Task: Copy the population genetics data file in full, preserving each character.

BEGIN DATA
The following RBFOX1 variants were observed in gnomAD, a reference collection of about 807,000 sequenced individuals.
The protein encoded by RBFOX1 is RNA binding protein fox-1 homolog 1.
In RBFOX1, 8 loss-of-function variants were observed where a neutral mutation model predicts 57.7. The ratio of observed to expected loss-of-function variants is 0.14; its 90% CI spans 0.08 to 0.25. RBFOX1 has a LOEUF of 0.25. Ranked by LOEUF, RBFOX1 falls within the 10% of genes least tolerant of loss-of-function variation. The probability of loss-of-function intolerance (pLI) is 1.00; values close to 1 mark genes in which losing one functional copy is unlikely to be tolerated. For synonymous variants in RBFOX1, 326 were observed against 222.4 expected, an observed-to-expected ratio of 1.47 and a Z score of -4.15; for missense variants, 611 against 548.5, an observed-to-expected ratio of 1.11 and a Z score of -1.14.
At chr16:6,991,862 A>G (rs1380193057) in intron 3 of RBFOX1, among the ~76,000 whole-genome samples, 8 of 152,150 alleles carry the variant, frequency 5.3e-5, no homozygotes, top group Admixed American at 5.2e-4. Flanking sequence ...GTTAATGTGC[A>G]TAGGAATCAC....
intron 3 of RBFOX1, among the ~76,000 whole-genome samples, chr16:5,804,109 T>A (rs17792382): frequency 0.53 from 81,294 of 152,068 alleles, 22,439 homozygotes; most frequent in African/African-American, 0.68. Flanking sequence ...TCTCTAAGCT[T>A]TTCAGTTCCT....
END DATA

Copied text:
The following RBFOX1 variants were observed in gnomAD, a reference collection of about 807,000 sequenced individuals.
The protein encoded by RBFOX1 is RNA binding protein fox-1 homolog 1.
In RBFOX1, 8 loss-of-function variants were observed where a neutral mutation model predicts 57.7. The ratio of observed to expected loss-of-function variants is 0.14; its 90% CI spans 0.08 to 0.25. RBFOX1 has a LOEUF of 0.25. Ranked by LOEUF, RBFOX1 falls within the 10% of genes least tolerant of loss-of-function variation. The probability of loss-of-function intolerance (pLI) is 1.00; values close to 1 mark genes in which losing one functional copy is unlikely to be tolerated. For synonymous variants in RBFOX1, 326 were observed against 222.4 expected, an observed-to-expected ratio of 1.47 and a Z score of -4.15; for missense variants, 611 against 548.5, an observed-to-expected ratio of 1.11 and a Z score of -1.14.
At chr16:6,991,862 A>G (rs1380193057) in intron 3 of RBFOX1, among the ~76,000 whole-genome samples, 8 of 152,150 alleles carry the variant, frequency 5.3e-5, no homozygotes, top group Admixed American at 5.2e-4. Flanking sequence ...GTTAATGTGC[A>G]TAGGAATCAC....
intron 3 of RBFOX1, among the ~76,000 whole-genome samples, chr16:5,804,109 T>A (rs17792382): frequency 0.53 from 81,294 of 152,068 alleles, 22,439 homozygotes; most frequent in African/African-American, 0.68. Flanking sequence ...TCTCTAAGCT[T>A]TTCAGTTCCT....